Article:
WiFi technology is continuing to grow at breakneck speed, Meiusi says.

“It’s changing every three to six months, and it’s getting better and stronger,” he says. “[We’re] making the signals faster, making the connection faster, plus it’s allowing us to deliver the signal in a different way. The type of technology we’re looking at now will mean we’ll need fewer antennas.

“It’s exciting, but at the same time we’re chasing our own tails.”

Even with the large number of hotspots available, the demand for more keeps growing.

“It’s one of those things that truckers really want to see,” Meiusi says.

A new broadband wireless solution in town is SiriCOMM, Inc. SiriCOMM is currently installed at 250-plus Pilot locations nationwide, with a near-term goal of having 1,000-plus strategically located hotspots to provide convenient access to users.

Company founders Hank Hoffman, David Mendez and Kory Dillman used their experience in trucking, telecommunications, the Internet and technology in general to develop SiriCOMM’s solution, which was designed specifically for the transportation industry.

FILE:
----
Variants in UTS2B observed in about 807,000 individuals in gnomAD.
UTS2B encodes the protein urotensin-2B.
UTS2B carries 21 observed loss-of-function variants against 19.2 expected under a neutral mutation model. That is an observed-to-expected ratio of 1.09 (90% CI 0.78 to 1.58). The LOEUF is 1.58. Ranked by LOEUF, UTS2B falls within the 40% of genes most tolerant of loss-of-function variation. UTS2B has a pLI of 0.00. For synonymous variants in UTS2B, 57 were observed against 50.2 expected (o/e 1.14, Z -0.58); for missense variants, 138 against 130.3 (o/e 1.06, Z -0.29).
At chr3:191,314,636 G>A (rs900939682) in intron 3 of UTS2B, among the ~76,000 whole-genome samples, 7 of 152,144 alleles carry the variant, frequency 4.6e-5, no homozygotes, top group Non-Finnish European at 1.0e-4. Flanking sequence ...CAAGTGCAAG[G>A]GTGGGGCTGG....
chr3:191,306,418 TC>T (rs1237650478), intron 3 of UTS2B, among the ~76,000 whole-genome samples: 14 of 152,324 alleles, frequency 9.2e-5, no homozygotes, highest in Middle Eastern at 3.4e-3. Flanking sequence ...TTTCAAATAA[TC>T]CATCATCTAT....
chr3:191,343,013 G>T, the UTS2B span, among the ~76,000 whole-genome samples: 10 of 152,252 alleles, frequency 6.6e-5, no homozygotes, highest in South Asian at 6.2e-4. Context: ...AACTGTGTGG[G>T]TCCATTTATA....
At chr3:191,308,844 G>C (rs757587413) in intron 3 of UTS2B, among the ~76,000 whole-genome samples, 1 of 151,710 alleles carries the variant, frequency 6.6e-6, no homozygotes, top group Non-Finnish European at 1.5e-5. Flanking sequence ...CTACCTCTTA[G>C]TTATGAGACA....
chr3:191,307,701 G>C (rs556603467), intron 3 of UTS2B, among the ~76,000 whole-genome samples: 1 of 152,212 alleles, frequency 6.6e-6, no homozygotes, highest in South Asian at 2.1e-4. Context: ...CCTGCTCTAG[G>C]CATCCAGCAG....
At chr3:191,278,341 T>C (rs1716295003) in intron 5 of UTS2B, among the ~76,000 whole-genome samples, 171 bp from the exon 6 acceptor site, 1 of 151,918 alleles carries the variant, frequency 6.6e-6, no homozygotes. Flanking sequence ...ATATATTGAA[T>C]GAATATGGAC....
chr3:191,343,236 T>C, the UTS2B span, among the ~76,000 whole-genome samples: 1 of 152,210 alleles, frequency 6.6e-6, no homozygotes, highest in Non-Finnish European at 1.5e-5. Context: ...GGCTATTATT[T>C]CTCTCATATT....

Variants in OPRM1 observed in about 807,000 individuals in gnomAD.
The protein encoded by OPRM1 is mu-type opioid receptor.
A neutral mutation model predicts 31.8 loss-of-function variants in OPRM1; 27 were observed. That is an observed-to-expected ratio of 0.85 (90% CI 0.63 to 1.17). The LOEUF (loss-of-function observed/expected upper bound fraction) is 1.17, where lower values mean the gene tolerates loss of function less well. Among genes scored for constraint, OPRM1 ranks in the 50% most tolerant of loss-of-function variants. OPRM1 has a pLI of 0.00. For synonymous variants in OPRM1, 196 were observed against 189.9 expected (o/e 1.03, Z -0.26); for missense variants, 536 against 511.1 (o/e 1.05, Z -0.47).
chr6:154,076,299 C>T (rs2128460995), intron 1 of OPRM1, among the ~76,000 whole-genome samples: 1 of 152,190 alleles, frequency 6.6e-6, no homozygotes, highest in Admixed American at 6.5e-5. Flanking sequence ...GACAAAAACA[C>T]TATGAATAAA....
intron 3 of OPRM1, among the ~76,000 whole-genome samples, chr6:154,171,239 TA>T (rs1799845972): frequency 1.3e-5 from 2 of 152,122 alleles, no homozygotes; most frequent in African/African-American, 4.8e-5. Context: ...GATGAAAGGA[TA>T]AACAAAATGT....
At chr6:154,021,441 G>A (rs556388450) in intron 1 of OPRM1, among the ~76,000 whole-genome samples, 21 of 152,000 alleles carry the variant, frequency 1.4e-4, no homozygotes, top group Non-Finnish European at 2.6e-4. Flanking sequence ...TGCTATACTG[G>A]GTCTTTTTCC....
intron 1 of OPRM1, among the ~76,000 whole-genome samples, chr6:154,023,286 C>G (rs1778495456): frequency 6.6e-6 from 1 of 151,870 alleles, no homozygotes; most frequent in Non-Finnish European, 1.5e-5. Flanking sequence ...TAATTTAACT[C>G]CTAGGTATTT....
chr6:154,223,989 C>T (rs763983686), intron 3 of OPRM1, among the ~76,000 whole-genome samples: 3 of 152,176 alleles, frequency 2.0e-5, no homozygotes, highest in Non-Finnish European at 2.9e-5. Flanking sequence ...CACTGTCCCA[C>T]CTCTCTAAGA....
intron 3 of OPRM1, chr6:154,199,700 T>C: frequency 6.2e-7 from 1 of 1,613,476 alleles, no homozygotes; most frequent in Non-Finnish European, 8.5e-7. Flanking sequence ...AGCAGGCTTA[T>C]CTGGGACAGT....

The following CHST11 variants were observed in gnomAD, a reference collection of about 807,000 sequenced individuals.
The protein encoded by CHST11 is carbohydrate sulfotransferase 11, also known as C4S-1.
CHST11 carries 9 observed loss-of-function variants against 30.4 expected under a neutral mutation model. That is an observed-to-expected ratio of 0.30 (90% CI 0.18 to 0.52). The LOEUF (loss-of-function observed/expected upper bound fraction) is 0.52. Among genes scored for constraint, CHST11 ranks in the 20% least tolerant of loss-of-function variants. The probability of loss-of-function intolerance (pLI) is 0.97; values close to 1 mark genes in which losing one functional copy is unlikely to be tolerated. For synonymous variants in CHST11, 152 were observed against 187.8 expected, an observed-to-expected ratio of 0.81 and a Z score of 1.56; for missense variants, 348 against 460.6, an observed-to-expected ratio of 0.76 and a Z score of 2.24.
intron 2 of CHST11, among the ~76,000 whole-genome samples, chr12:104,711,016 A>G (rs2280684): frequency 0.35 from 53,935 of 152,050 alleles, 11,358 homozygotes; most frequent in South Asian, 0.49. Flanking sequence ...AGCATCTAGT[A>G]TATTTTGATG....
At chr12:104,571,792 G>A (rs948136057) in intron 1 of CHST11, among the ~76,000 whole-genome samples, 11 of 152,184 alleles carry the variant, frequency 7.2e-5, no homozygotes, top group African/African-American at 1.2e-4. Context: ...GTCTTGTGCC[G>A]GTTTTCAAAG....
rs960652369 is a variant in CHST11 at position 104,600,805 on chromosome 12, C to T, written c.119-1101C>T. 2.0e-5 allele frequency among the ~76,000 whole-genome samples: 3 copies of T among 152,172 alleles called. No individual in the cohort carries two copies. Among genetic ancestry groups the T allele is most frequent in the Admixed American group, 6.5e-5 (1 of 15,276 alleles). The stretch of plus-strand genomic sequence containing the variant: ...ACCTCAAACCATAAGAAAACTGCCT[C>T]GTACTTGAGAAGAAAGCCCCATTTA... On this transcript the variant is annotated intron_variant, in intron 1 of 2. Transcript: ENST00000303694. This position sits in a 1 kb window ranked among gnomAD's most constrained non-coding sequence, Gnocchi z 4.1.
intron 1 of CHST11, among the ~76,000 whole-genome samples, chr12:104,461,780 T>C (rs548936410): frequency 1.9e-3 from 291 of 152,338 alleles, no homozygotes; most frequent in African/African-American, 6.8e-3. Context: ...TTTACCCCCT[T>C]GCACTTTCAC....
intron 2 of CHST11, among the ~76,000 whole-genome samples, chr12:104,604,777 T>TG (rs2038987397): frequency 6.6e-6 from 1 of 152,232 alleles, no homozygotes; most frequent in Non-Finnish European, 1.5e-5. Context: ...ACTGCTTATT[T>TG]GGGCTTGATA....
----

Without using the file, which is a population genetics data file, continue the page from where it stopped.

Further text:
“SiriCOMM provides ISP (Internet Service Provider) service for individual users,” says David Mendez, executive vice president of SiriCOMM, Inc. “However, the company’s emphasis is on fleet services that are designed to reduce costs, improve productivity, enhance safety and increase security.”

Many drivers say they wish truckstop WiFi hotspots were all under one network, available for one subscription rate at all truckstops across the nation.

“We certainly hear from drivers,” Meiusi says. “They don’t want to have to worry about swapping one account for another account. You already have to make a decision about where you’re going to fuel up based on the gas price. You don’t want to base where to fuel up on the subscription service.”

Michael Southers, whose machinery- and equipment-hauling company, Cody Express, uses two laptops on the road and agrees it would be easier to have a consolidated WiFi truckstop network.

“I don’t like the idea of different truckstops having their own service, since you can’t always get to that particular chain, which is why I like Truckstop.net,” says Southers, who spends at least an hour per day on the Internet. “I really consider Truckstop.net to be the best up and coming and definitely the one I would choose if I were to rely on truckstop-based WiFi.”